What does it stream?
The Nexus Q can only stream from three sources: Google Play Music, Google Play TV & Movies, and YouTube. To use any of the services, simply open one of the aforementioned apps on your Android device and press the icon that looks like a play button with sound waves coming out of it. It feels a lot like AirPlay, except it only works with three apps.
Google Play Music is the most natural fit for the Nexus Q, given its built-in amp and focus on audio. You can browse all the music you've uploaded to your Google Music account or purchased from the Google Play Music store. The experience of sitting on the couch, picking songs in your hand and listening to music almost immediately is great. It's not any different from what you can already do with AirPlay or Sonos (although it's more limited; more on that later), but it's a nice implementation for Android. If there are multiple Android devices on your home network, they all can contribute to a universal playlist, although I haven't been able to test that functionality yet. Similarly, if you have multiple Nexus Qs in your home, they can be synced or play different music in different rooms.
Google Play TV & Movies gets you access to Google's video content store. You can buy TV shows and movies, as well as rent movies. The selection seems decent, but it's definitely not as comprehensive as Amazon Instant or iTunes. In my limited searching, "Avatar" (the James Cameron movie) and episodes of "Mad Men" were not available, while only the most recent seasons of "Breaking Bad" and "The Office" were available. Additionally, searching for movies on a phone (rather than on the screen) isn't ideal for the living room, where more than one person may want to weigh in on what to watch.
I'm generally not a fan of watching YouTube content my TV, but the Nexus Q is best implementation I've encountered. The Android YouTube app is excellent for finding videos, and videos start playing quickly through the Nexus Q. Since they're streamed right from YouTube (rather than being routed through the phone), image quality is excellent. I still don't think YouTube is a must-have video service in the living room, but the Nexus Q does it well.
What it doesn't stream
It's hard to imagine that buyers won't be disappointed when they find that their new $300 orb really doesn't do that much. It streams the three aforementioned Google services, but it can't stream anything else: no Netflix, Hulu Plus, MLB.TV, Pandora, Spotify, Vudu, and so on. If you have videos, photos, or music stored on a DLNA server, it can't play them. If you have music that's stored on your phone, but not yet uploaded to Google Play Music, the Nexus Q can't play that either. Even within the Google's cloud services there are exceptions: you can't view photos from Picasa or your Google+ account. It's a $300 device that in many ways is more limited than a $50 Roku box or $100 Apple TV.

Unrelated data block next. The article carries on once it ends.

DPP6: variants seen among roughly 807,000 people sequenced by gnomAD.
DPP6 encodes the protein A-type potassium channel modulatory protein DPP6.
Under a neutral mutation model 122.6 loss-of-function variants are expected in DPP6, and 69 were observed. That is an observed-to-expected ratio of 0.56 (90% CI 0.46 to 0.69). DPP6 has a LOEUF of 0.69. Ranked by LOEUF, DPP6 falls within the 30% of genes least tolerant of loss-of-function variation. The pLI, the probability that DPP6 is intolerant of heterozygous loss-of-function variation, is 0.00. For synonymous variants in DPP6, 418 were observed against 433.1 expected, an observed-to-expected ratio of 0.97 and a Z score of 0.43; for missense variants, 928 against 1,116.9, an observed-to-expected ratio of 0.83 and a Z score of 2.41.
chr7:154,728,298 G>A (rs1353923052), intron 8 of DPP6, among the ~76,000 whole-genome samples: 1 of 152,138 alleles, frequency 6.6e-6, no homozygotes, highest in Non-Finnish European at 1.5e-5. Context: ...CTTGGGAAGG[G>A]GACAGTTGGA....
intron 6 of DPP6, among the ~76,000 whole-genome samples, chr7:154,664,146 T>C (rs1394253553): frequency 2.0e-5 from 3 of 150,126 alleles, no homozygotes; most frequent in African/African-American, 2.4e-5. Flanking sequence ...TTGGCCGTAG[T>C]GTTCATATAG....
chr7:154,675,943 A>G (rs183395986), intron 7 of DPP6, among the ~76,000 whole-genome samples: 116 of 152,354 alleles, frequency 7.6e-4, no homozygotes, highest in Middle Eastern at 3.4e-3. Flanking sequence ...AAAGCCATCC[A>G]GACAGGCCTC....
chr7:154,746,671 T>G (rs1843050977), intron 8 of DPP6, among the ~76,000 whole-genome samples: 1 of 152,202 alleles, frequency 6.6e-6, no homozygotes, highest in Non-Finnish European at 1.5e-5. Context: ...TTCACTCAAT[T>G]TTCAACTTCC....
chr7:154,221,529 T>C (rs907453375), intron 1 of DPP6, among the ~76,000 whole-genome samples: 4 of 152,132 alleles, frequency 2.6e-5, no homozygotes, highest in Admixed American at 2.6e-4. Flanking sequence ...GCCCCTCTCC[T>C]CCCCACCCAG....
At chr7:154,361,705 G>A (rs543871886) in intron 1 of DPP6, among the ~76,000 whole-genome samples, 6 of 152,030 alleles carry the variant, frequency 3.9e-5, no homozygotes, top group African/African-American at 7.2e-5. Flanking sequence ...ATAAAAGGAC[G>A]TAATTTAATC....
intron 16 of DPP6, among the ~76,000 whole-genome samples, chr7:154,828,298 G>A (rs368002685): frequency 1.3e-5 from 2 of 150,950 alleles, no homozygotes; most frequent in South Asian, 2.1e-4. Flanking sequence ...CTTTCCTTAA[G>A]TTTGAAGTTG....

That's the deal-breaker for the Nexus Q. For practical purposes, this review could end right now, because until it gains the the power to push content from more apps, I can't imagine many people will be interested in the Nexus Q.
The Nexus Q has a built-in, so-called "audiophile-quality" amplifier, so it can power speakers without the need for a separate AV receiver or amplifier. It's a similar design to a Sonos Connect:Amp ($500), although Sonos is much more flexible for music playback.
I had it set up with a pair of Sony SS-B1000 bookshelf speakers in a medium-sized room. (Google is also selling companion Triad Bookshelf Speakers for $400.) The amp sounds good and you can turn it all the way up without distortion. Unfortunately, all the way up was loud, but not overwhelming. I was able to easily have a conversation, without shouting with my colleague Ty Pendlebury over the Flaming Lips' loud track "Watching the Planets." It's plenty loud for most cases, but it's not going to rock a house party. Switching over to Aperion's Intimus tower speakers was considerably better and louder, so it depends on how efficient your speakers are.
The Nexus Q's built-in amp led some early commenters to speculate that it can replace a full-sized AV receiver, but that's really not the case. There aren't any inputs on the back of the Nexus Q, so unless you plan on watching all your media on Google services, you'll need a receiver to power your cable box, game console, and other gear. Sure, it can replace an amp in a secondary room, but most home theater fans still need a receiver in the living room.
The Google Nexus Q isn't an attractive product for consumers. It's too expensive and really doesn't do that much, even if the quirky hardware is nice. And the fact that it requires an Android phone as a controller to work at all limits it as a home theater device -- what if the household member with an Android phone isn't home?
After playing with the box for a while, you do get the impulse to say, "It has potential," which is a familiar phrase to Google fans. But it's harder to give the Nexus Q leeway when Google already has a living-room box that gets the "It has potential" treatment: Google TV. Right now, Google has the worst of both worlds, with two living-room products that don't really work together and neither of which fills consumers' needs. The Nexus Q may be a better direction for Google than the convoluted Google TV, but it has a long way to go before it's a compelling purchase.